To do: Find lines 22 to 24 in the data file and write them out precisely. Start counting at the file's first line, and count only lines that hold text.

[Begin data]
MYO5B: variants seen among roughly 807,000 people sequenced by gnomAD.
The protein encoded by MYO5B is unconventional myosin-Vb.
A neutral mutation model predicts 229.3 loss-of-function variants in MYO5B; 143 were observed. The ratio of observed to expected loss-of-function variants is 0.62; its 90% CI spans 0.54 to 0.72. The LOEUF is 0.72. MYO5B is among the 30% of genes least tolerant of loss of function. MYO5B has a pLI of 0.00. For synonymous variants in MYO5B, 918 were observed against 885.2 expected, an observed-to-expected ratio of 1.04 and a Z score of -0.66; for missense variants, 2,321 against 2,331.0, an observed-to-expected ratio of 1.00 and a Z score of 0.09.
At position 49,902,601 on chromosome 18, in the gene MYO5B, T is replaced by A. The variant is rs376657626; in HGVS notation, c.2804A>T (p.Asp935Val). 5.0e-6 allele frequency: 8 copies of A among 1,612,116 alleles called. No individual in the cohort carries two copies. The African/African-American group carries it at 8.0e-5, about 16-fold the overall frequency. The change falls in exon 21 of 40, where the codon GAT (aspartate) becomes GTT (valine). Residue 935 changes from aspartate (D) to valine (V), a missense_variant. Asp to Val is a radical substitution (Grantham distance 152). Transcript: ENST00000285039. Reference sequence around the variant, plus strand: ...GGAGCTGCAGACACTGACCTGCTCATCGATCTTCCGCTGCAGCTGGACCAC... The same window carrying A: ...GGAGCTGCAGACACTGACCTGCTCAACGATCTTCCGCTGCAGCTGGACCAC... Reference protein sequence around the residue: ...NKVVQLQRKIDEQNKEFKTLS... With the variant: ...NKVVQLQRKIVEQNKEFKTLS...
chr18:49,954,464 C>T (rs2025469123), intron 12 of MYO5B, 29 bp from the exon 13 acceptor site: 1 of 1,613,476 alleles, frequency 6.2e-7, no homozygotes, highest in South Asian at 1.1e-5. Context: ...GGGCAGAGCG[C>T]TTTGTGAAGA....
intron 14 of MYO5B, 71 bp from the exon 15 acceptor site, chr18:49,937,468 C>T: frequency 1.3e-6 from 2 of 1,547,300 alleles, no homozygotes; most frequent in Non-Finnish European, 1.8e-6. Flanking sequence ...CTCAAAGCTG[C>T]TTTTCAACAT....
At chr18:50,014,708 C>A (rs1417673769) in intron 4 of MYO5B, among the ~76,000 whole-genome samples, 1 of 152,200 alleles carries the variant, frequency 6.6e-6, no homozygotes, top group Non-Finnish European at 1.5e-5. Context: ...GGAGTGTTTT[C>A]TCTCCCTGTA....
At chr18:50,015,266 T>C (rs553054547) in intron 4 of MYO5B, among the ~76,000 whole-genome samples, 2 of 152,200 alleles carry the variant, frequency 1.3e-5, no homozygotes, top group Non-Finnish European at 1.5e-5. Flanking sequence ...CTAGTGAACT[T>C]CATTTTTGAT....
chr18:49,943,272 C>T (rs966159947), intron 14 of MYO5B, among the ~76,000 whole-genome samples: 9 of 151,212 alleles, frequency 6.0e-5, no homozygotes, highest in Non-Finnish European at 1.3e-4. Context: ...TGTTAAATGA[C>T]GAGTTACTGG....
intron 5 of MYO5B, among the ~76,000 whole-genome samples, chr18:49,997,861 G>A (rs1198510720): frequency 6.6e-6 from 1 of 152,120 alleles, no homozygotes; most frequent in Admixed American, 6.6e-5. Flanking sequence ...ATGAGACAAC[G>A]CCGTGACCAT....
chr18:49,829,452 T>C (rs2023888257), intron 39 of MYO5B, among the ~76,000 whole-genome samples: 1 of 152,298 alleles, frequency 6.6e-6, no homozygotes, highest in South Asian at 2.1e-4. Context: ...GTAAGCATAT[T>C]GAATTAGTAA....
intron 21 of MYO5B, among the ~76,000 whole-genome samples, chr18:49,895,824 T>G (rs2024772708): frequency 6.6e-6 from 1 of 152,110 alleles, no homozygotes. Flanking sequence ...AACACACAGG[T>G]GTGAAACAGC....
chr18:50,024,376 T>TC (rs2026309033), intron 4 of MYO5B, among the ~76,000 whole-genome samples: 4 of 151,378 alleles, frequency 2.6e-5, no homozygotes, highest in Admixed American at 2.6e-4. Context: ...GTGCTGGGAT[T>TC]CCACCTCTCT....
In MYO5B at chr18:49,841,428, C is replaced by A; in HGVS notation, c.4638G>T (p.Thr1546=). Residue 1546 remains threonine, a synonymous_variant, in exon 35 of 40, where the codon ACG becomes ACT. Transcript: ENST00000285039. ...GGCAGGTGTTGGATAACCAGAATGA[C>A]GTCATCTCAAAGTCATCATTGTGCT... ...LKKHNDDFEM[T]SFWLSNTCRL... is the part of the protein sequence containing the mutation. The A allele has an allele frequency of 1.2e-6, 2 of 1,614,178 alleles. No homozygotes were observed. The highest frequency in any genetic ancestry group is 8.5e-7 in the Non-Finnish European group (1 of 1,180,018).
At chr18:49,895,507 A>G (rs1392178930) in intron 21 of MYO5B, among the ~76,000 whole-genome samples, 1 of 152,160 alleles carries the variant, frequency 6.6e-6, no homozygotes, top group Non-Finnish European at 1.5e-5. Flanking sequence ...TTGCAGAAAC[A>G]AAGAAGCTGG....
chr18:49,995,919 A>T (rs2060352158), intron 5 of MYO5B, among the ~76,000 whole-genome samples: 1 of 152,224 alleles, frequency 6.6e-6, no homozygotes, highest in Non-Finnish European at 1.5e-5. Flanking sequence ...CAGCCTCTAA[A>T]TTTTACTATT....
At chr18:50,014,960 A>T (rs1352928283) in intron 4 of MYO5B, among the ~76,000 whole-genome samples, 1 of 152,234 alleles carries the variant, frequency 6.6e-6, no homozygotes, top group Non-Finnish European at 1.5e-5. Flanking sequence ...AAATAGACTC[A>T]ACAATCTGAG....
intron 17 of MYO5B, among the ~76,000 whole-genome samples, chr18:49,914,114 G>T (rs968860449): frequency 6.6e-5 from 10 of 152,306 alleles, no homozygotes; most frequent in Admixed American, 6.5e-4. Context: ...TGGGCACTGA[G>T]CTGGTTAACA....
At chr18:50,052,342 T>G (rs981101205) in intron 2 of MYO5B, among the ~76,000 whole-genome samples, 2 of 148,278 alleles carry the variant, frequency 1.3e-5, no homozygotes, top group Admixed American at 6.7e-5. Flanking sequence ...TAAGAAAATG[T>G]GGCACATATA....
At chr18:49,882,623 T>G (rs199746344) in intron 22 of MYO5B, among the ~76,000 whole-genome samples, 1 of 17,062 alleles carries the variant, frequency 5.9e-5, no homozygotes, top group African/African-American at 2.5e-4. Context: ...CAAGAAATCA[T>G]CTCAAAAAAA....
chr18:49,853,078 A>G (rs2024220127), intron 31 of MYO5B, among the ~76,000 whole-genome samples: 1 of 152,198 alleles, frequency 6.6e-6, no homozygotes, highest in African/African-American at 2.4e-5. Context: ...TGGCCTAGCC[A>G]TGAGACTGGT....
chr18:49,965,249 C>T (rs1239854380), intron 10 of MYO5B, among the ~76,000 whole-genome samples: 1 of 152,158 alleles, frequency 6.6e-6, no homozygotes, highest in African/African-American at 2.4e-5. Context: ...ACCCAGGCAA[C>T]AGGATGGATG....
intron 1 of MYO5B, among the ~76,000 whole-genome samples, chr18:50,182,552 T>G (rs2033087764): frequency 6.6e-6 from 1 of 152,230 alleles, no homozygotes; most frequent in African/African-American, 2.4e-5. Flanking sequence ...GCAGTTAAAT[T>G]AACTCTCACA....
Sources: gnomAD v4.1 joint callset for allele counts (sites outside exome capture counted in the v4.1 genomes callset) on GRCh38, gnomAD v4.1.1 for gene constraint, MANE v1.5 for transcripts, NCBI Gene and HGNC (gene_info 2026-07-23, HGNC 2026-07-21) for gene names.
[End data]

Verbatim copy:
chr18:49,965,249 C>T (rs1239854380), intron 10 of MYO5B, among the ~76,000 whole-genome samples: 1 of 152,158 alleles, frequency 6.6e-6, no homozygotes, highest in African/African-American at 2.4e-5. Context: ...ACCCAGGCAA[C>T]AGGATGGATG....
intron 1 of MYO5B, among the ~76,000 whole-genome samples, chr18:50,182,552 T>G (rs2033087764): frequency 6.6e-6 from 1 of 152,230 alleles, no homozygotes; most frequent in African/African-American, 2.4e-5. Flanking sequence ...GCAGTTAAAT[T>G]AACTCTCACA....
Sources: gnomAD v4.1 joint callset for allele counts (sites outside exome capture counted in the v4.1 genomes callset) on GRCh38, gnomAD v4.1.1 for gene constraint, MANE v1.5 for transcripts, NCBI Gene and HGNC (gene_info 2026-07-23, HGNC 2026-07-21) for gene names.